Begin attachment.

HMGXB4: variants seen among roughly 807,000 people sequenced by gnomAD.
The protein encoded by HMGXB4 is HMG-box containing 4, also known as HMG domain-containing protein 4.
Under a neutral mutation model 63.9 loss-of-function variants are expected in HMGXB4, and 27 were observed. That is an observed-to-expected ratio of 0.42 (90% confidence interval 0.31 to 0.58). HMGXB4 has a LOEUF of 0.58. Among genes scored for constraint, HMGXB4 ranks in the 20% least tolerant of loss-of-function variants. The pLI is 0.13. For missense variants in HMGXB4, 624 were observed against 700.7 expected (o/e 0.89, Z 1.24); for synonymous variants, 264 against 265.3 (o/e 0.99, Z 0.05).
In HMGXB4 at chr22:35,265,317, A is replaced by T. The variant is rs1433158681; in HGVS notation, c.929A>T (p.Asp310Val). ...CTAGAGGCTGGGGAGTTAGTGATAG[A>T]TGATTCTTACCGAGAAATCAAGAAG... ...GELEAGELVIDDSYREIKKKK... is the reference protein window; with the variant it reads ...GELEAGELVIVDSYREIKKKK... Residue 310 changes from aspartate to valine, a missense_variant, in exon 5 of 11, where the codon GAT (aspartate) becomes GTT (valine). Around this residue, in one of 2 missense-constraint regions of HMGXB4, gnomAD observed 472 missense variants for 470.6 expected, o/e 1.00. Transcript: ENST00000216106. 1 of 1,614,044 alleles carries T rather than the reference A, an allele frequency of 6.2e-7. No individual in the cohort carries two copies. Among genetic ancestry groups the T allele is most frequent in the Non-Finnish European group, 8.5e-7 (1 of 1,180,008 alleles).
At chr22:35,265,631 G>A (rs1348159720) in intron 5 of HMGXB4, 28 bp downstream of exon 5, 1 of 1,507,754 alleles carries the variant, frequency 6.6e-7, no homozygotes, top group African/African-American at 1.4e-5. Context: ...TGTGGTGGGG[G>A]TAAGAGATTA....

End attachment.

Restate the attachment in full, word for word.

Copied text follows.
HMGXB4: variants seen among roughly 807,000 people sequenced by gnomAD.
The protein encoded by HMGXB4 is HMG-box containing 4, also known as HMG domain-containing protein 4.
Under a neutral mutation model 63.9 loss-of-function variants are expected in HMGXB4, and 27 were observed. That is an observed-to-expected ratio of 0.42 (90% confidence interval 0.31 to 0.58). HMGXB4 has a LOEUF of 0.58. Among genes scored for constraint, HMGXB4 ranks in the 20% least tolerant of loss-of-function variants. The pLI is 0.13. For missense variants in HMGXB4, 624 were observed against 700.7 expected (o/e 0.89, Z 1.24); for synonymous variants, 264 against 265.3 (o/e 0.99, Z 0.05).
In HMGXB4 at chr22:35,265,317, A is replaced by T. The variant is rs1433158681; in HGVS notation, c.929A>T (p.Asp310Val). ...CTAGAGGCTGGGGAGTTAGTGATAG[A>T]TGATTCTTACCGAGAAATCAAGAAG... ...GELEAGELVIDDSYREIKKKK... is the reference protein window; with the variant it reads ...GELEAGELVIVDSYREIKKKK... Residue 310 changes from aspartate to valine, a missense_variant, in exon 5 of 11, where the codon GAT (aspartate) becomes GTT (valine). Around this residue, in one of 2 missense-constraint regions of HMGXB4, gnomAD observed 472 missense variants for 470.6 expected, o/e 1.00. Transcript: ENST00000216106. 1 of 1,614,044 alleles carries T rather than the reference A, an allele frequency of 6.2e-7. No individual in the cohort carries two copies. Among genetic ancestry groups the T allele is most frequent in the Non-Finnish European group, 8.5e-7 (1 of 1,180,008 alleles).
At chr22:35,265,631 G>A (rs1348159720) in intron 5 of HMGXB4, 28 bp downstream of exon 5, 1 of 1,507,754 alleles carries the variant, frequency 6.6e-7, no homozygotes, top group African/African-American at 1.4e-5. Context: ...TGTGGTGGGG[G>A]TAAGAGATTA....